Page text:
JL: He actually came on a tour with us and we did that video for, like, months – through the Southwest, in Golden Gate Park… really all over the place.

PT: Is the song writing process a collaborative thing, or more individual – how does that usually work?

JL: Someone usually comes in with an idea, no matter how fully fleshed out the idea is, sometimes they have a bridge and a chorus, or they’re just like, “hey I have this riff… let’s do something with it!” In general whoever is singing lead on the song is the primary songwriter or the song started out as their baby before the rest of the band fleshed it out.

PT: Who are your guys’ major musical influences?

ZM: In terms of, like, who we’re following most closely, bands that are touring and what not, I’d say My Morning Jacket, Dr. Dog, Delta Spirit, Devendra Banhart, Fleet Foxes, Father John Misty –

JL: Ah – Father John Misty, I’m really trying to catch him later today…

PT: Leads right to my next question – Who are you guys most excited to see today/this weekend at the Hardly Strictly Bluegrass Festival?

ZM: My number one favorite band is playing at the exact same time as us on Sunday, so…

JL: …So Zak’s going to be there (laughs).

ZM: Yeah, I’m skipping our set and go see Shuffles and Rope… But, no, there are a lot of really great people out there, Father John Misty we’re definitely trying to catch, First Aid Kit.

PT: What is your ideal setting for playing music?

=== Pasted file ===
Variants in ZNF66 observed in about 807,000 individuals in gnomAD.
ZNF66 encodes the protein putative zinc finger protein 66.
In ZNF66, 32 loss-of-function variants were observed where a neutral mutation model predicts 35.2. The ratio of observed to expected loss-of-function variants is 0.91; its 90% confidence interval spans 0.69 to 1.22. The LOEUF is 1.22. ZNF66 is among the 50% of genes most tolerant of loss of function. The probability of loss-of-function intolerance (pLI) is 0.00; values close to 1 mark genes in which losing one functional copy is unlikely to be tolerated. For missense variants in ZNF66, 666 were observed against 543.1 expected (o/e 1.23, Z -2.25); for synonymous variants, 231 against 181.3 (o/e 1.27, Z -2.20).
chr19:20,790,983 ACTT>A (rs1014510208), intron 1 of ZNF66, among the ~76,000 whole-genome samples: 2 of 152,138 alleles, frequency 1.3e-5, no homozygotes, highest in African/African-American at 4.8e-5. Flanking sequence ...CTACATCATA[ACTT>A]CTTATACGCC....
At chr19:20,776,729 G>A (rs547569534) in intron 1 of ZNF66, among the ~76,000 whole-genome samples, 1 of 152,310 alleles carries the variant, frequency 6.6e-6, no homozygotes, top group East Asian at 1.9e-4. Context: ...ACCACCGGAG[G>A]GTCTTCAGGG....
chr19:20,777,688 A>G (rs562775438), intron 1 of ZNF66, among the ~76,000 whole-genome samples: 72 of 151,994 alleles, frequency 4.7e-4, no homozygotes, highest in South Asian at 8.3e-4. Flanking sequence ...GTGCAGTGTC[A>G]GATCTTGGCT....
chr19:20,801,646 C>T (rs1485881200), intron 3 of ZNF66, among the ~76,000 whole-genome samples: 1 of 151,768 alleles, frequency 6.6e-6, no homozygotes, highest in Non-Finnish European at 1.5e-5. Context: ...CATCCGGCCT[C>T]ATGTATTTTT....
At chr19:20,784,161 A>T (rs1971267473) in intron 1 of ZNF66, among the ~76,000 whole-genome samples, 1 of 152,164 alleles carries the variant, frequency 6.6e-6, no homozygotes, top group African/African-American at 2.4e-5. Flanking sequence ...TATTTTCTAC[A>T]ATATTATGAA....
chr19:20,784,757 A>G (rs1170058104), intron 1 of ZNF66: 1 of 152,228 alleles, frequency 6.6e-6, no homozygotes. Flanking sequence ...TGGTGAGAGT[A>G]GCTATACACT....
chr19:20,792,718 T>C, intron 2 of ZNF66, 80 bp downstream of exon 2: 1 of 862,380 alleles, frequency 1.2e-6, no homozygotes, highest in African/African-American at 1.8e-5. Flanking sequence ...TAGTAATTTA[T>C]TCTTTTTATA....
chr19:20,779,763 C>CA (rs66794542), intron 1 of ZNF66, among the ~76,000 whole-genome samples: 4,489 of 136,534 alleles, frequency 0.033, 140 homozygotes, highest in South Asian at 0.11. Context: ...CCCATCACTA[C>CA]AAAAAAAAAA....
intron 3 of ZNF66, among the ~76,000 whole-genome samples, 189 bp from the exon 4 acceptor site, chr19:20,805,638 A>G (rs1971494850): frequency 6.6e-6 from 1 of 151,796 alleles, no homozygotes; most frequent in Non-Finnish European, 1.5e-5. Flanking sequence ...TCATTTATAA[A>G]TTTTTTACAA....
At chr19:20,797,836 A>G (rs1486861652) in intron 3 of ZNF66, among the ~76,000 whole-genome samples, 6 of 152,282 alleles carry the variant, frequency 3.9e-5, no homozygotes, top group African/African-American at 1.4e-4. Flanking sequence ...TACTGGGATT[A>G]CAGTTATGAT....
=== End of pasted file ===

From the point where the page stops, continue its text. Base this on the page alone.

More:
JL: I think it kind of depends on the vibe. I have a couple different favorites, like we played at this place Eddy’s Attic in Atlanta – like an open mic type of place, you can literally hear a pin drop, you know? I think that kind of intimacy brings out the song and you can hear every note and intricacy… It gets you to play with a lot more feeling.

ZM: Right, it’s not like you’re playing over a crowd of people talking.

JL: I also think like smallish festivals, around a couple of thousand people, are great. We played at the High Sierra Festival – that was a fun set for us, small enough for it to have it’s own vibe

PT: What is it like working for yourselves, in terms of time management and setting goals?

JL: Lately we’re just been on the road all the time, so our schedule has been very set in stone for us. But I think setting goals that may be a little beyond reach are helpful. When we started playing music really full time, I was like OK my goal is to make it in a year… and once you get into that it’s, like, not really possible, you reassess and you’re like well OK we made it halfway… I guess when you’re not where you want to be yet, but you know you’re on the right path – that’s good.

PT: So, what do some of those long-term goals look like now?

JL: Essentially, to be able to support ourselves through music… Like 5, 10, 20 years down the line, maybe have our own studio? We want to be the sort of band that has a long term staying power, to have a certain cycle… We make an album, tour it, then have some time to pursue other projects, you know? To have that freedom to do other creative things, I would like to get to that place sometime in my adult life.

PT: Is there anything else you guys would like the community at Lick to know?

JL: Well, the last time we were featured in the Paper Tiger… (laughs), our friend basically wrote “literotica” reviews of our live performances… it was a comedy piece. It’s kind of a trip being back at Lick and we really appreciate being taken seriously.